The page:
The AI Hype

You know that AI has at least a certain amount of hype over substance associated with it when you read a sentence such as “To be sure, artificial intelligence is not crucial to making vegan mayonnaise:” but chasing unicorn valuations in the startup sector is a story more to do with the complexities of human nature, ambition, and desire than with AI.

When considering the long-term effects of AI in healthcare, it’s imperative to take the long view spanning many human generations. In the middle of the 19th century, we learned to use ether as an anesthetic during surgery. We didn’t yet know about infections and what caused them and how to prevent them.

As we make progress both in AI and in understanding the human genome — and altering it using powerful techinuqes like CRISPR-Cas9 — Jim Kozubek notes some important truths about humans based on Mary Shelley’s Frankeinstein: “Shelley wants to tell us that despite the awesome progress of science, we will never be free from the circular discussions of who we are, or why we are doing anything at all, or whether life is even worth it. In the darkness and depths, and in the night, is where we struggle to grasp at these answers.”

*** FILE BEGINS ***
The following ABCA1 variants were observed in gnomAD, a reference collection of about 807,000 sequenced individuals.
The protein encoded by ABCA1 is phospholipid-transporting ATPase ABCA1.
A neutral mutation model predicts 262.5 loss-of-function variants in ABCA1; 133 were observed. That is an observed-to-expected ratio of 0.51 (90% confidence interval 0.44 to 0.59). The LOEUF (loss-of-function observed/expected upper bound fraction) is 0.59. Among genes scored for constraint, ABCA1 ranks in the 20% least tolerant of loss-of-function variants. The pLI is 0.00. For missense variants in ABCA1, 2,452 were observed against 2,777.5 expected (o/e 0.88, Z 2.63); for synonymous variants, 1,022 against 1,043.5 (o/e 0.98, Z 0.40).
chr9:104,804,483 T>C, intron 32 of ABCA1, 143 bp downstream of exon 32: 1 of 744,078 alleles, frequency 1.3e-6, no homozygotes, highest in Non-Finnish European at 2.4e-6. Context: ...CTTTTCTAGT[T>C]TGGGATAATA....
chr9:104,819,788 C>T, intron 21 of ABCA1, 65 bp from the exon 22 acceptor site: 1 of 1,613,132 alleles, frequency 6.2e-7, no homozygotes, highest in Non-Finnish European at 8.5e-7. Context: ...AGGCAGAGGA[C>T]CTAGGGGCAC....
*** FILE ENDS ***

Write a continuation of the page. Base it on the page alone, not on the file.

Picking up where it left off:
Artificial intelligence (AI) has been a staple of dystopian science fiction and Hollywood movies for long where the robot overlords have usually become our masters. AI in the ‘real world’ in contrast has often been comical. One recent viral tweet went: “We were promised flying cars, instead we got suicidal robots.” There’s the hilarious compilation of robot fails at the DARPA Robotics Challenge. Here’s one more viral tweet that goes “and this is how the robot apocalypse started.”